Installing a Virtual Private Network (VPN) is easy, uninstalling it is even easier. However, there are things that go by unnoticed, and some of them are important for your safety. If you want to know more, keep reading this article.
Many VPNs brag about their policies of keeping zero-logs. However, you’ll be surprised by just how much information is actually kept. And not necessarily by your provider, but sometimes by you as well. Or more precisely, by your computer.
Even after deleting and uninstalling your VPN, chances are, you will have hidden data of your network history somewhere on your device. Sometimes they stay there for a very long time, even years. Many VPNs, including the best ones, keep detailed logs on your PC, which include your account details, session logs, and the names of the servers you’ve accessed.
Uninstalling a VPN after your subscription is over, or because you were not satisfied with its service, is easy. You just have to open the Programs and Features in your Control Panel and then find the “Uninstall a program” list.
Search for your VPN there and uninstall it. After this is done, search whether there is a file on the list with the name TAP – “VPN name here” and if it exists uninstall it as well. It’s the virtual network adapter, known as a TAP Driver. If you have difficulties in finding your VPN on the list, make sure you check the place where you installed the program.
In order to do that use your task manager (Ctrl + Shift +Esc). Search in the “Processes” Tab, and after finding it, open its file location. The file for removing the VPN should be here somewhere. Look for the uninstall.exe file, click on it and follow the instructions.
Up until now, this is something that most of us do when trying to remove a certain application from our computers. However, your work doesn’t end here. First of all, restart your computer in order to complete the process. Now, it’s time for a more thorough clean-up.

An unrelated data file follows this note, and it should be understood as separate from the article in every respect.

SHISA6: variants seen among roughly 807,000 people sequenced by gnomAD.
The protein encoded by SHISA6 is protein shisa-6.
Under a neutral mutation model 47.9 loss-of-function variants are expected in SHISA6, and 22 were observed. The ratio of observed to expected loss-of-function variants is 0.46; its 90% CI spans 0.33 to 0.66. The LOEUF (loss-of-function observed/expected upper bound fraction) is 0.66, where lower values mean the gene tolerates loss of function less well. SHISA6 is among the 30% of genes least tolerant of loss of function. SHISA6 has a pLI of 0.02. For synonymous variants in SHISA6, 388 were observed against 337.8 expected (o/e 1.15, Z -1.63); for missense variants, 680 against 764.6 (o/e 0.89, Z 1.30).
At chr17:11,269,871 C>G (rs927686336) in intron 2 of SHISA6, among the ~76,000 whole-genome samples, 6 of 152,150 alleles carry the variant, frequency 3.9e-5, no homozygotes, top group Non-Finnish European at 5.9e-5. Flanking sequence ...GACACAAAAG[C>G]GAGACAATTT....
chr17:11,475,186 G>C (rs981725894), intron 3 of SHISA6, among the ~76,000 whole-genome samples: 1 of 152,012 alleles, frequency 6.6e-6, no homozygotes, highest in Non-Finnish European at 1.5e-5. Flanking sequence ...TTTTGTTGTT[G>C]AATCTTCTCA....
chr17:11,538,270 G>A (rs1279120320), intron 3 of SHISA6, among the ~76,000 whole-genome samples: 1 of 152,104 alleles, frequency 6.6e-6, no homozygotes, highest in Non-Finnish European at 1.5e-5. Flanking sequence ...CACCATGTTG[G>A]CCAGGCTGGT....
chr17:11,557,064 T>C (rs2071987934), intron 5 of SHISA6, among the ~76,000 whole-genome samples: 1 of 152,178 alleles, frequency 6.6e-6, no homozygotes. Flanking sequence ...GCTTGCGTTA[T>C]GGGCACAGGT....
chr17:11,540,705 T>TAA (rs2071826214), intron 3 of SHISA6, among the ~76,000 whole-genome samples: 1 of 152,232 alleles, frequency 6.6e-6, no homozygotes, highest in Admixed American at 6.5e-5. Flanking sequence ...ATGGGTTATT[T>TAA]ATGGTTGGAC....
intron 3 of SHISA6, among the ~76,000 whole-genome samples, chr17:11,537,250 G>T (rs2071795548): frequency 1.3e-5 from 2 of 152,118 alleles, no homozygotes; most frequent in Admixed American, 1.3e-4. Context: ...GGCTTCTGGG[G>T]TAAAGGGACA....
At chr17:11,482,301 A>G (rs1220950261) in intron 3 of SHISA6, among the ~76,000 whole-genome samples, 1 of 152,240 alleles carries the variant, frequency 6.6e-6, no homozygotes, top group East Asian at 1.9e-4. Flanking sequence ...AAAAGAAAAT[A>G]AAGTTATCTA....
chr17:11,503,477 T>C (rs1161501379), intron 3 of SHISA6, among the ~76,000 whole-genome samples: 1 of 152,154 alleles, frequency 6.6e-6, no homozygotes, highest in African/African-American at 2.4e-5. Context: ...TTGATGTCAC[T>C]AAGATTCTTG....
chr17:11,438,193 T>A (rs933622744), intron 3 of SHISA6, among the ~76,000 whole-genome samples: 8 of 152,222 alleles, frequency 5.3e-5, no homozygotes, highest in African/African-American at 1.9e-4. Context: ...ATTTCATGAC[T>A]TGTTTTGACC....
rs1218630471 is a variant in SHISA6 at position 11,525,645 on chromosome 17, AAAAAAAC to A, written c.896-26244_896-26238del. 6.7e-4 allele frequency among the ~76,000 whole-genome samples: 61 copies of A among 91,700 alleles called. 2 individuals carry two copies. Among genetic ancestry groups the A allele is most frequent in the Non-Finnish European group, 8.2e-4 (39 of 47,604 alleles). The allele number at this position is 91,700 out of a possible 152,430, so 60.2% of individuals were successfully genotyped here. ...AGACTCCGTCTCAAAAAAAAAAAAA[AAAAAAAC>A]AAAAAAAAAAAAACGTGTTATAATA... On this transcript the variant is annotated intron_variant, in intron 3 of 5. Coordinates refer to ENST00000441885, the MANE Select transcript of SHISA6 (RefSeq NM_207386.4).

*Note: The following applies to a Windows operating system.
Start by manually checking the folders such as your Program File, Program Data, Program Files (x86), and Users/App Data (Local and Roaming) in your Local Disk. If you find any file that might be connected to the VPN (usually you will notice by the way they are named), delete it.
However, do this only if you are certain that what you found is from the VPN provider. There is a chance that you could delete something important from your computer, so make sure you avoid making this mistake.
Now the next step is to check the Registry and the Network adapter.
Before deleting anything from the computer’s Registry, keep in mind that if you delete the wrong file you might make a huge mistake. The registry is the heart of your PC’s software. One wrong move and you might damage your device.
To find the Registry run REGEDIT (click Win + R and type it), then open HKEY_LOCAL_MACHINE\SOFTWARE, and HKEY_CURRENT_USER\SOFTWARE. Look through the files, and if you find something that you are 100% sure is left from your old VPN, delete it.
As for the Network adapter, you can easily find it in your Device Manager. It will show you the adapters that are currently on your PC. As previously mentioned, if there’s something left from your VPN, it will be under the name of TAP, presumably followed by the name of the provider as well. If you are not sure whether you should delete it or not, just double click it and open the Driver tab to see its real origin.
When this is done, next, you need to clean your Firewall and network profiles.
After installing a VPN, the software might make some changes on your Firewall, in order to operate on your PC without any problems. However, these changes remain after you’ve uninstalled the VPN. To access your Firewall, run wf.msc (again, click Windows key + R). Go through the inbound and outbound rules, and if you notice anything connected to the VPN simply remove it.
Moreover, you can access your Network profiles by clicking the Windows button + I, and go into Network & Internet. You will notice that, on the left side, there is a VPN section. Click on it and check whether there is something that remained from your old provider. If there is, delete it.
By finishing all of these steps, chances are, you’ve removed almost everything from your provider. There are some additional steps for all of you privacy freaks out there. You can check your system drives or the network history in your Registry. However, if you don’t know what you are doing, I recommend that you not delete anything.
The best option is to consult with an expert on the subject before deciding on anything that might put your computer in danger.